But keeping the peace was not just the sheriff’s job. Citizens also had a role to play. When help was needed, the sheriff would sound the alarm – known as the hue and cry – and all citizens who heard it were required to lend a hand.

So, what do sheriffs of the Middle Ages and modern day practitioners of community policing know that perhaps the rest of society does not? That police alone cannot ensure safe communities.

For decades we have added to the responsibilities of our state, local and tribal law enforcement agencies – asked you to do more, to fill the gaps created by troubled homes, failing schools, underfunded community organizations, and overwhelmed social services. You are a three digit phone call away from every citizen, and for many people you are the only representative of our democratic government that they ever see, usually when they are at their most vulnerable. But we must continue to instill in all citizens their own obligations to the community.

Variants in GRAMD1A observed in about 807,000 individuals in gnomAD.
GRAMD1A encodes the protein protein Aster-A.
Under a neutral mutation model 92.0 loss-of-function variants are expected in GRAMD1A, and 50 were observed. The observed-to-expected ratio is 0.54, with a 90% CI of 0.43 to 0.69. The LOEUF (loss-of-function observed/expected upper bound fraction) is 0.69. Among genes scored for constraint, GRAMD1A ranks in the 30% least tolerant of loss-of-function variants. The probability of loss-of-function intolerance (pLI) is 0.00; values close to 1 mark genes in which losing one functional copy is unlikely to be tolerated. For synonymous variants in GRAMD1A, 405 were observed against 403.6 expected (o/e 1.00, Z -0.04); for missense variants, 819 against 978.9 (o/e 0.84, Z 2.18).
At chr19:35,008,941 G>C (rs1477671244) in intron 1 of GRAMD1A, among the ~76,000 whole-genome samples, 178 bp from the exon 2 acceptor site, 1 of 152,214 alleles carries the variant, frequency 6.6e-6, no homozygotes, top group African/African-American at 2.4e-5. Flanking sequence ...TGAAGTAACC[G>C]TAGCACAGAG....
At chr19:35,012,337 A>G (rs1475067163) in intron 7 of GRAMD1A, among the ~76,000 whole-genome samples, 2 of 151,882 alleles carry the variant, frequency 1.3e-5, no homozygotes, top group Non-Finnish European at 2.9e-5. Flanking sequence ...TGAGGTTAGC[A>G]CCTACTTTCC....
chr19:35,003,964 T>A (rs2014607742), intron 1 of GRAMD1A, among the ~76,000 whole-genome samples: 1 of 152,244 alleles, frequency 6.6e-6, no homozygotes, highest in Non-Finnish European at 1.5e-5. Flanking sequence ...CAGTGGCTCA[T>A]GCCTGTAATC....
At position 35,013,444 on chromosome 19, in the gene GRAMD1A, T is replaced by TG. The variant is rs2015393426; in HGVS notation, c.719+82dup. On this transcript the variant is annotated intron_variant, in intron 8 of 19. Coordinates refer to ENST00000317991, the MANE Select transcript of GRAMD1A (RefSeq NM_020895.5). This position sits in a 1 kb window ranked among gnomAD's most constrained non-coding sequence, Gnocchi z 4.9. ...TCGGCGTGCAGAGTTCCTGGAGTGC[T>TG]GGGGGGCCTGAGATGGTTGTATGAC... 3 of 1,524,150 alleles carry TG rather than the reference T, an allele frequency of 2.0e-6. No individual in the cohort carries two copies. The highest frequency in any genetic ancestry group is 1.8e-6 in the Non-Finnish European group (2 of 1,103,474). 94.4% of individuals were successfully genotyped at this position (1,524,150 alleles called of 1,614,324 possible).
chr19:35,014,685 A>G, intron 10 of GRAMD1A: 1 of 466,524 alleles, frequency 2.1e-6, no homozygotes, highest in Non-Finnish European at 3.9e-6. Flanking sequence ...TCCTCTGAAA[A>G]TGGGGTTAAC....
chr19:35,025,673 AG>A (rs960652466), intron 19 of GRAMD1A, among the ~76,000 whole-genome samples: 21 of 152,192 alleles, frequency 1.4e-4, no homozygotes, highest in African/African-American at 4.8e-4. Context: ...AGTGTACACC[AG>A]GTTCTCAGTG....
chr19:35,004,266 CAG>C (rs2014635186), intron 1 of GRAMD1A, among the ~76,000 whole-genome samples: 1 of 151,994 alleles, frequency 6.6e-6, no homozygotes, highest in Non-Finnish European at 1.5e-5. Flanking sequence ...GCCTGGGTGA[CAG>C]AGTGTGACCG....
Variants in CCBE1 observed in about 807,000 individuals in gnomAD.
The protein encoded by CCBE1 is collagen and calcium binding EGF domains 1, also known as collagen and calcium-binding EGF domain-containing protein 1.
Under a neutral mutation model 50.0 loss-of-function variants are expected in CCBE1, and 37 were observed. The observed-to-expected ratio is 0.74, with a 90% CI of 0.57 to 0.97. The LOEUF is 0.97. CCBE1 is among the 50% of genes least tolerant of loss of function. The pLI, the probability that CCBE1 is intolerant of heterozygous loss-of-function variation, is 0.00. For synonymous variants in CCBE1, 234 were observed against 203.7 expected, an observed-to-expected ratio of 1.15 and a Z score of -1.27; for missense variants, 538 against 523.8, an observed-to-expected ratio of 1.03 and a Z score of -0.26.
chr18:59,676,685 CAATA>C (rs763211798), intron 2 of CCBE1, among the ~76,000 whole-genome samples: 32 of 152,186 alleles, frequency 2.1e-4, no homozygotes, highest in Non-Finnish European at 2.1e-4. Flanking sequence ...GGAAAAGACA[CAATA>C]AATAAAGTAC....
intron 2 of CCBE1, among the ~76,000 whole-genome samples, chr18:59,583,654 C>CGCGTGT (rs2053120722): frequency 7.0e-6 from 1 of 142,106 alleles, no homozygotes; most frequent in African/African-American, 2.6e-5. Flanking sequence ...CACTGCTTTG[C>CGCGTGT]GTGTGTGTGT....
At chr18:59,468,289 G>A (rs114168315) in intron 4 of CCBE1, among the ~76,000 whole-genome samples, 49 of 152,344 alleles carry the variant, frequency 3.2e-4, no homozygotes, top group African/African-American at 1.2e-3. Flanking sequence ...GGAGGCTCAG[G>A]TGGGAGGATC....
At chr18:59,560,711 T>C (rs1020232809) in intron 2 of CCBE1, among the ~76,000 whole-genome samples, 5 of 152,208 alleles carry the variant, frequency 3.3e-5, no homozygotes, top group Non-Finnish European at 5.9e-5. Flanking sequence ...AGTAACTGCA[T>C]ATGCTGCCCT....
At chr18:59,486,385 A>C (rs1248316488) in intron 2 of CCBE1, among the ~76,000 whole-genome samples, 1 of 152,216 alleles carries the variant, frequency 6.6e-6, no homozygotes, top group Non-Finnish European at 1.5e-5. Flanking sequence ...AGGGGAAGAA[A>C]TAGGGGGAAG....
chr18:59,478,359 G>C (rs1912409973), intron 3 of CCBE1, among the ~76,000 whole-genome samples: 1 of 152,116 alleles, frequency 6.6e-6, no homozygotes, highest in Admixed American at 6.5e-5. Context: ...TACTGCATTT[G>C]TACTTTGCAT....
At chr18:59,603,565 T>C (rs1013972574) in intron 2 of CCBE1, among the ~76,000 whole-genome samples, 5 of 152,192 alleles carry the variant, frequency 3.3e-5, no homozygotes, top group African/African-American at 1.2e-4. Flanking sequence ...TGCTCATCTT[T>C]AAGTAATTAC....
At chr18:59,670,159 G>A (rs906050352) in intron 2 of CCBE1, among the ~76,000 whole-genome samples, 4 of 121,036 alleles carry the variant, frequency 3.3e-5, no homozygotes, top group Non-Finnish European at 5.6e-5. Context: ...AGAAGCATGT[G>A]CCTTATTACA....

In the law, a partnership is defined as an association of two or more persons engaged in an enterprise in which the benefits and the burdens are shared proportionally. Partnership is woven throughout community policing, not only because it builds trust with the communities that you serve, but also because meaningful partnerships can provide the help you need to do the difficult work we ask you to do.

We must reengage, reinvigorate, and recruit partners in preserving public safety.

These may be fellow public servants who need a reminder that the boarded-up house on the corner, the abandoned car in the yard, and the burnt out streetlight down the road are their responsibility, too. We may look to church groups or other community groups with a history of successful work in the neighborhood.

In the end, however, it is the individual citizens who must answer the modern-day hue and cry and accept our proper role in making communities safe places to live, work, and raise our families. And community policing recognizes and builds on that truth.

Robert F. Kennedy, for whom this building we sit in today is named, eloquently expressed this idea when he said,

The glory of justice and the majesty of the law are created not just by the Constitution - nor by the courts - nor by the officers of the law - nor by the lawyers - but by the men and women who constitute our society-who are protectors of the law as they are themselves protected by the law.